Estrild mourns Locrine and laments,
O fickle Fortune! O unstable world!
What else are all things that this globe contains,
But a confused chaos of mishaps?
Wherein, as in a glass, we plainly see,
That all our life is but as a tragedy.
She does not wish to live without Locrine and so kills herself with his sword. Sabren comes upon her dead parents and declares it a doleful spectacle (V.vi.65): “What fierce Achilles, what hard stony flint, / Would not bemoan this mournful tragedy?” (V.vi.71-72). Locrine and Estrild lie dead in a cave, “And with them dies fair Pallas and sweet Love” (V.vi.79). Sabren tries to kill herself, but, more accustomed to lute-tuning (V.vi.87), her hands are too weak.
Guendoline tells Thrasimachus and Madan that she wants to see Estrild dead and to kill the bastard Sabren. Corineus’ spirit, Thrasimachus’ exile, and her own divorce drive all remorse from her heart. Locrine lies dead “By luckless lot and froward frowning fate” (V.vi.110), clasping the corpse of Estrild. Guendoline regrets that Estrild has escaped her wrath and cannot die over and over. Sabren comes forth and Guendoline exults, “Lives Sabren yet to expiate my wrath?” (V.vi.147). Sabren welcomes death philosophically. Guendoline grabs her and threatens to throw her to “feed the fishes with thy tender flesh” (V.vi.165). Sabren says that such deeds would bring about further divine punishment; instead, Sabren drowns herself. Guendoline finds Sabren’s courage impressive. The river shall be named after her. Locrine will receive a noble funeral and a tomb near Brutus. Estrild won’t.
Ate concludes the play:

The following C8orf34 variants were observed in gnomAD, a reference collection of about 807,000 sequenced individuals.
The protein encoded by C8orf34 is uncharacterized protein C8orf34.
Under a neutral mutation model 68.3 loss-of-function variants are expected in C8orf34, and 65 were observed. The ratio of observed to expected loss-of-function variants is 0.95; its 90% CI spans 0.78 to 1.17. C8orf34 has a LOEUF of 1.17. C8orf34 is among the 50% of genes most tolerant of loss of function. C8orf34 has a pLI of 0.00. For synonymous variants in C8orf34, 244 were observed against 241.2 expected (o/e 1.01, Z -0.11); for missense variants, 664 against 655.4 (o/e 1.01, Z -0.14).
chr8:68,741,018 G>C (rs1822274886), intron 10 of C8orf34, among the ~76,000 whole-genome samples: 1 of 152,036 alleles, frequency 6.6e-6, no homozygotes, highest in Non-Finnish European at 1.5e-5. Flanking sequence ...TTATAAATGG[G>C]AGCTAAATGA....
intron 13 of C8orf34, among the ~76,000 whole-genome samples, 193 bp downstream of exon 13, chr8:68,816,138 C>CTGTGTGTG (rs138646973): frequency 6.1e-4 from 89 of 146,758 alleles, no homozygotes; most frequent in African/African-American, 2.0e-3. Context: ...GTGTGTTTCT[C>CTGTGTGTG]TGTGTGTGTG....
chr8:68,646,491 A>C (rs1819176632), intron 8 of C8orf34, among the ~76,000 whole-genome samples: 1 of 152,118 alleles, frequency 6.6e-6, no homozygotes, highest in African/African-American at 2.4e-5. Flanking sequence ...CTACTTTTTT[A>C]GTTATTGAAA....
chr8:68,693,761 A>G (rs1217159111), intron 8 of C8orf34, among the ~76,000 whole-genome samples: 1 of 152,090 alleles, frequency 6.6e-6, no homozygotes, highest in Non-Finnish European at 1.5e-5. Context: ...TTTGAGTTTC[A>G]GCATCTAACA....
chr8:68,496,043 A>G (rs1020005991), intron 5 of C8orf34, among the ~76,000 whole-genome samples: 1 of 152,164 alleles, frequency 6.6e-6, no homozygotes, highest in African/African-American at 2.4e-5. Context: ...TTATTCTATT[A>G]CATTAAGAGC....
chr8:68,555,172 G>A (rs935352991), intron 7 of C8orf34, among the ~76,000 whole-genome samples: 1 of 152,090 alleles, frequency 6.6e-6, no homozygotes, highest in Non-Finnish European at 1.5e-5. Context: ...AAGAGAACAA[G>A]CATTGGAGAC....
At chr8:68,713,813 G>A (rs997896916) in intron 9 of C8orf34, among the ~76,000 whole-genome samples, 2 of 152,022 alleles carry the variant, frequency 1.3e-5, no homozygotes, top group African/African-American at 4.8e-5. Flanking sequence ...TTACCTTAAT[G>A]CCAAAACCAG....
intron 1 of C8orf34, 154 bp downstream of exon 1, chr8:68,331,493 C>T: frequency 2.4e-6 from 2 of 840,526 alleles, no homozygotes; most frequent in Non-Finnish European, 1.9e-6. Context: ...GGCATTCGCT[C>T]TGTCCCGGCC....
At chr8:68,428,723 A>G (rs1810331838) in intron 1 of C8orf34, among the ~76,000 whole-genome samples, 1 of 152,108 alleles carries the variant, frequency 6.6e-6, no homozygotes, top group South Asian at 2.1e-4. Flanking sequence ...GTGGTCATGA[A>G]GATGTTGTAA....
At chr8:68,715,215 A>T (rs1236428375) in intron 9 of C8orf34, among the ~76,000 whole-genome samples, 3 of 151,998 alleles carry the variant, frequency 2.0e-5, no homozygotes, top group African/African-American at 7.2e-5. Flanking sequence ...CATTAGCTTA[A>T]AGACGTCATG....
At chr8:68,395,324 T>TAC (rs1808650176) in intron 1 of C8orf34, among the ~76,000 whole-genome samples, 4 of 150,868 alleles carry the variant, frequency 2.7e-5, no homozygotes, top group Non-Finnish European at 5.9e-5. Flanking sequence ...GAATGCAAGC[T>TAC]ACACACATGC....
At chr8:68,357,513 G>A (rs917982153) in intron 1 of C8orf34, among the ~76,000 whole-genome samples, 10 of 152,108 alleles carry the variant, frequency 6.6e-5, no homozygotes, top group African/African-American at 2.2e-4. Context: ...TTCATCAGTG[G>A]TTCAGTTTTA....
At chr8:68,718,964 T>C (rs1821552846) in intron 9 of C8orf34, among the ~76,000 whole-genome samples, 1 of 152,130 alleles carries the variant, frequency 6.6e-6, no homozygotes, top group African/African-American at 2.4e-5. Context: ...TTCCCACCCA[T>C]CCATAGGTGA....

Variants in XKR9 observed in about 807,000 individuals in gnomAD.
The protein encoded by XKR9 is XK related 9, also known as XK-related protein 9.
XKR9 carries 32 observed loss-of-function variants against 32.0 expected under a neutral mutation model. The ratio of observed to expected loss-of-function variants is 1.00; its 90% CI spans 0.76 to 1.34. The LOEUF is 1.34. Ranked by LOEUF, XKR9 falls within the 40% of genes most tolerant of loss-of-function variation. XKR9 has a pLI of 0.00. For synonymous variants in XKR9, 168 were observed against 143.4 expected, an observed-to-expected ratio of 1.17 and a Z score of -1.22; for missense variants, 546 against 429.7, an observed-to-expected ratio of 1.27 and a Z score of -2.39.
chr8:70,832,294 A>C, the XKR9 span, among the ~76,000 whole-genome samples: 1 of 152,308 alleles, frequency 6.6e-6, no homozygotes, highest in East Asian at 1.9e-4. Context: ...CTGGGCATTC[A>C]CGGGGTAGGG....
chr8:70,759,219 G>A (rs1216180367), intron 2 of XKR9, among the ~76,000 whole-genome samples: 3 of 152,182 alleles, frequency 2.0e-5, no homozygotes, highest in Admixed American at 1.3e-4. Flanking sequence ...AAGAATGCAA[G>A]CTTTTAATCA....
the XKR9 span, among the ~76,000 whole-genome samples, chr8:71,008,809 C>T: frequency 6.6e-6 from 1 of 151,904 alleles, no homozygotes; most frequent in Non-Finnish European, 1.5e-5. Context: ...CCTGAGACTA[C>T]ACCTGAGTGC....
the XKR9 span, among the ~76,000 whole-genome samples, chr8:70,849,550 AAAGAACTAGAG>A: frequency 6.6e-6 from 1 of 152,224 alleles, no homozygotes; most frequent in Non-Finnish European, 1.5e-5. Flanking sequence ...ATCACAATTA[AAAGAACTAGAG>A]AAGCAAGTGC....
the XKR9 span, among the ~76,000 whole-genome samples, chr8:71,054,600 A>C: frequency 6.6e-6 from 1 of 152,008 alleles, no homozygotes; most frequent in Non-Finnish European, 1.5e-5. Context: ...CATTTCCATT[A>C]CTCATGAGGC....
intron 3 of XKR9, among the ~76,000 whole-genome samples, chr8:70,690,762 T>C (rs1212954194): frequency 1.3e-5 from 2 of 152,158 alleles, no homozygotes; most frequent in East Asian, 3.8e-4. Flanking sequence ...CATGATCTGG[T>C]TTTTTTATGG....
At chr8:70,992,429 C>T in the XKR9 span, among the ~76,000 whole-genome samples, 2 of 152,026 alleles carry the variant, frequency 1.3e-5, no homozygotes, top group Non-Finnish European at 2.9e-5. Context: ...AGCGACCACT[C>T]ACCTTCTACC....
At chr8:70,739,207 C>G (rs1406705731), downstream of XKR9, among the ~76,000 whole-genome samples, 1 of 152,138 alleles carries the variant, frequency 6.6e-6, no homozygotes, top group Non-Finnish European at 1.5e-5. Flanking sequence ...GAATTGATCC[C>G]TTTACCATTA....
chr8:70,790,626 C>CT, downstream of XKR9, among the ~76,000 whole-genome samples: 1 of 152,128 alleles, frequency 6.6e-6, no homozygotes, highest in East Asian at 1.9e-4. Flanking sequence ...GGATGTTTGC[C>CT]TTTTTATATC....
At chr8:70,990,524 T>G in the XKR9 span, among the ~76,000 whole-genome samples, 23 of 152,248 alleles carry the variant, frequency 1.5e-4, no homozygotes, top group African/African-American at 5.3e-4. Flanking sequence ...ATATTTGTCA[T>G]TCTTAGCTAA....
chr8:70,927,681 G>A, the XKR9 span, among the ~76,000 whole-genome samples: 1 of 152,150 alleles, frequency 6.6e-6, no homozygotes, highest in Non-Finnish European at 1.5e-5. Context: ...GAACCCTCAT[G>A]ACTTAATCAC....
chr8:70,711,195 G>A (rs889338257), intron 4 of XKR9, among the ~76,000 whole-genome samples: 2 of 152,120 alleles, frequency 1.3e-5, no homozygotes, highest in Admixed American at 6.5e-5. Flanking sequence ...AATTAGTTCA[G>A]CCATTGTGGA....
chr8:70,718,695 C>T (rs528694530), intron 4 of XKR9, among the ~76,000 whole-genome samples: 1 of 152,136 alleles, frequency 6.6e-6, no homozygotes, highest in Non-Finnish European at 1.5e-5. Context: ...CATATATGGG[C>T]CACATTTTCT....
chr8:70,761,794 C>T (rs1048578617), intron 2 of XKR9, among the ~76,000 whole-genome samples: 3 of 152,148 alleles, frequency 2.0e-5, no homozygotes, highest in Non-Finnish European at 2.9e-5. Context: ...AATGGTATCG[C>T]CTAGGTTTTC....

Lo! here the end of lawless treachery,
Of usurpation and ambitious pride;
And they that for their private amours dare
Turmoil our land, and set their broils abroach,
Let them be warned by these premises.
And as a woman was the only cause
That civil discord was then stirred up,
So let us pray for that renowned maid,
That eight and thirty years the sceptre swayed
In quiet peace and sweet felicity;
And every wight that seeks her grace’s smart,
Would that this sword were pierced in his heart.
“In Locrine legendary history, pageantry and comedy have been moulded together into a play designed to entertain a popular audience” (Gooch 10). But of course the patriotism makes it particularly appropriate to the Elizabethan period, and “In The Faerie Queene, Spenser pays an elaborate compliment to Elizabeth by tracing her ancestry from the arrival of Brutus” (Gooch 24).
The German scholar Tieck insisted that Shakespeare was the youthful author of the play, and that it was revised by him in 1595 (Maxwell 64). The Spanish Tragedy seems to be the work of the same author (Maxwell 65).
The bombastic language might incline one elsewhere, but “The intention of the dramatist in the tragic plot, however, was to impose a pattern on experience through the repetition of set topics and rhetorical devices; in this kind of tragedy, the greater the emotion and complexity of thought, the greater was the artificiality of language” (Gooch 16). Gooch quotes R.F. Hill, in “Shakespeare’s Early Tragic Mode” [Shakespeare Quarterly 9 (1958): 462]: “in the early tragedies and histories all occurrences of markedly stylistic dialogue and word-play will be found to be related to the disturbed feelings of the speakers. The more intense the feelings, the more artificial the language” (qtd. in Gooch 16n). Perhaps the “comedy is a later addition to a tragedy written in a style that was rapidly becoming old-fashioned and subject to ridicule” (Gooch 18).
Locrine has been attributed by various scholars to Shakespeare, Marlowe, Kyd, Peele, and Greene. Thomas Creede, the printer of Locrine, printed six bad quartos of Shakespeare plays, including Henry V, Merry Wives, Famous Victories (Gooch 28). Shake-speare is mentioned only on the title page of Richard III.
King Leir was entered in the Stationers’ Register May 14, 1594, and printed in 1605. Famous Victories was entered May 14, 1594, printed 1598. The True Tragedy of Richard III was entered June 19, 1594, printed 1594. Of five other plays belonging to the Queen’s Men, four were published independently by Creede.
If W.S. stands for William Stanley, who “would probably have produced plays for the Derby’s Men, and there is reason to believe that Locrine was connected with the Queen’s Men” (Gooch 29), then there’s more evidence in my opinion that Derby was “penning” in service to his talented father-in-law in the late 1590s as plays were being revised.